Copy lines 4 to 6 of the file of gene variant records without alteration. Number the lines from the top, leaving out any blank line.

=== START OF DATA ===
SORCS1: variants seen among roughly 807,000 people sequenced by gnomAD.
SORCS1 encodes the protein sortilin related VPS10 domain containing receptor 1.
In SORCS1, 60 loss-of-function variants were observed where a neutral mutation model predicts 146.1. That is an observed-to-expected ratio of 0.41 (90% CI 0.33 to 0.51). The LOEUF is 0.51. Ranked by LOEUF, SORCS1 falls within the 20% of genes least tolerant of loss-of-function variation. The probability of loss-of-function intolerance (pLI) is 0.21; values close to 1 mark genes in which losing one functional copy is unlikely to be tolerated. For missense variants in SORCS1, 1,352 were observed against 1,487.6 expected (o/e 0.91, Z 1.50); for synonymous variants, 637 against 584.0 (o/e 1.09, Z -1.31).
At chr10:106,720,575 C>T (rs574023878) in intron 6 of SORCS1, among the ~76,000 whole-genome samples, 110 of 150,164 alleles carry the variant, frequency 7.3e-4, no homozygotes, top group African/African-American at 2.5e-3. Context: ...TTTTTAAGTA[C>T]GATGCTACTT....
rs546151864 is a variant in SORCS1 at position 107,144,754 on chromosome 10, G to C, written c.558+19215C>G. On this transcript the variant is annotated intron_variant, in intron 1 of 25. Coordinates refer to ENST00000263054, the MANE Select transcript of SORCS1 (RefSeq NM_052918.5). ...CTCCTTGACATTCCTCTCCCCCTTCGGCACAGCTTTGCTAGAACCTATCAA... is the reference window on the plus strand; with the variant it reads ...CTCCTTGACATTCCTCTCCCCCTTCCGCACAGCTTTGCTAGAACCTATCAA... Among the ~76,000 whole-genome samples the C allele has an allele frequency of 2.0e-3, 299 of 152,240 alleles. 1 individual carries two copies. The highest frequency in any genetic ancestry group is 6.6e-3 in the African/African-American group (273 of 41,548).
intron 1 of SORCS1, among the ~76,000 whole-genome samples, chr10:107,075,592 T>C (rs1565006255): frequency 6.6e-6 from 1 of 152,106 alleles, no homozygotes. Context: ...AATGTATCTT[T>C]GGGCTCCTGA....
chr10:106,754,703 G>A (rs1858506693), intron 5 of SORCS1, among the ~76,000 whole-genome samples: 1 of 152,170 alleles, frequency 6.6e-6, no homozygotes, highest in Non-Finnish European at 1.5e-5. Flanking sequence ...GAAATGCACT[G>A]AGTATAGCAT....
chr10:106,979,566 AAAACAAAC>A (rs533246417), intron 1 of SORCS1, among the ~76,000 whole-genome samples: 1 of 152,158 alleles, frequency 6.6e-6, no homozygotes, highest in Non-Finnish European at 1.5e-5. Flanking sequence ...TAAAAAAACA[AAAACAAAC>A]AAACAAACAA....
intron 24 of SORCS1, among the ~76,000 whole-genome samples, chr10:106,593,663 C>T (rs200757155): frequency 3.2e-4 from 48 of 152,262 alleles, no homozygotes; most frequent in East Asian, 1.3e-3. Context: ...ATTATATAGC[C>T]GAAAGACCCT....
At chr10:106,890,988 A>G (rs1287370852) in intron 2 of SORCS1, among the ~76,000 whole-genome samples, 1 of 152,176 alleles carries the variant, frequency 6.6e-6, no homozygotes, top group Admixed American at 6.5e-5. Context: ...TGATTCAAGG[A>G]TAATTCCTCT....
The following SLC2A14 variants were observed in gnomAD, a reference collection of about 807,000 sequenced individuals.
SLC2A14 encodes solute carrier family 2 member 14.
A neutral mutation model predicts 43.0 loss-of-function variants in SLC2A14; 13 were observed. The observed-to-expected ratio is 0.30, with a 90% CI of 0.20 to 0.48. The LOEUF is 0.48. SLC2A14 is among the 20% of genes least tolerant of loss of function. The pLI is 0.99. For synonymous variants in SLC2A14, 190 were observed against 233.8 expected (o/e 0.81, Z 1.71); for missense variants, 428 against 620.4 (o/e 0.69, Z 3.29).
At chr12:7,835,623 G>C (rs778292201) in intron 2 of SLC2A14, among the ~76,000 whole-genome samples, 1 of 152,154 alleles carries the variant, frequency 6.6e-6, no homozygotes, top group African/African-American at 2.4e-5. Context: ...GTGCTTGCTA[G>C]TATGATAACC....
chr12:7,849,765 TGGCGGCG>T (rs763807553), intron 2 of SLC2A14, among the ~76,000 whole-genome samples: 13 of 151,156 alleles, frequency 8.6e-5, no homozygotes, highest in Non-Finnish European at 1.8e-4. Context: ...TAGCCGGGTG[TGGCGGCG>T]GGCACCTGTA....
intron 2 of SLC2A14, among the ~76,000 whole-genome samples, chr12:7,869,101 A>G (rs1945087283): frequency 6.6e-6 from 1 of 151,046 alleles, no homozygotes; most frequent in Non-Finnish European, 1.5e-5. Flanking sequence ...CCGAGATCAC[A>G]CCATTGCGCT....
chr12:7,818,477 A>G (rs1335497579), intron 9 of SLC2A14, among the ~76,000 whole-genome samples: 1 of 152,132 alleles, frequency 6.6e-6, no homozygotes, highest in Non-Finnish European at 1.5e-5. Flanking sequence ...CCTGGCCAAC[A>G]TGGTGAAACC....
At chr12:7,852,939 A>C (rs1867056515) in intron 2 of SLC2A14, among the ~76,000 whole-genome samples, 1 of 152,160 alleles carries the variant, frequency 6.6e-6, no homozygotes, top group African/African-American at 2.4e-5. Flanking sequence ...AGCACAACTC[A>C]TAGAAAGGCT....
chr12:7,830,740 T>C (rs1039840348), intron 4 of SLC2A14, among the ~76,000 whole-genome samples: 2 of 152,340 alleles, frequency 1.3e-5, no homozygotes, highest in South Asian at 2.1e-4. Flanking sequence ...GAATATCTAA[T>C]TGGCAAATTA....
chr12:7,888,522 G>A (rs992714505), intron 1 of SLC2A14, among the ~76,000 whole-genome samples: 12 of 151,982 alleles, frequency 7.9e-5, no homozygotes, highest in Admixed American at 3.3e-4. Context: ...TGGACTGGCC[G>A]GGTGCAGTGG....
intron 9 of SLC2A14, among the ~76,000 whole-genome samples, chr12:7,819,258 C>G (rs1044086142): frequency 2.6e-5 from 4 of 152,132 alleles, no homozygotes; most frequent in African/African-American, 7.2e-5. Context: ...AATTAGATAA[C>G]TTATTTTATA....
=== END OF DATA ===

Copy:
At chr10:106,720,575 C>T (rs574023878) in intron 6 of SORCS1, among the ~76,000 whole-genome samples, 110 of 150,164 alleles carry the variant, frequency 7.3e-4, no homozygotes, top group African/African-American at 2.5e-3. Context: ...TTTTTAAGTA[C>T]GATGCTACTT....
rs546151864 is a variant in SORCS1 at position 107,144,754 on chromosome 10, G to C, written c.558+19215C>G. On this transcript the variant is annotated intron_variant, in intron 1 of 25. Coordinates refer to ENST00000263054, the MANE Select transcript of SORCS1 (RefSeq NM_052918.5). ...CTCCTTGACATTCCTCTCCCCCTTCGGCACAGCTTTGCTAGAACCTATCAA... is the reference window on the plus strand; with the variant it reads ...CTCCTTGACATTCCTCTCCCCCTTCCGCACAGCTTTGCTAGAACCTATCAA... Among the ~76,000 whole-genome samples the C allele has an allele frequency of 2.0e-3, 299 of 152,240 alleles. 1 individual carries two copies. The highest frequency in any genetic ancestry group is 6.6e-3 in the African/African-American group (273 of 41,548).
intron 1 of SORCS1, among the ~76,000 whole-genome samples, chr10:107,075,592 T>C (rs1565006255): frequency 6.6e-6 from 1 of 152,106 alleles, no homozygotes. Context: ...AATGTATCTT[T>C]GGGCTCCTGA....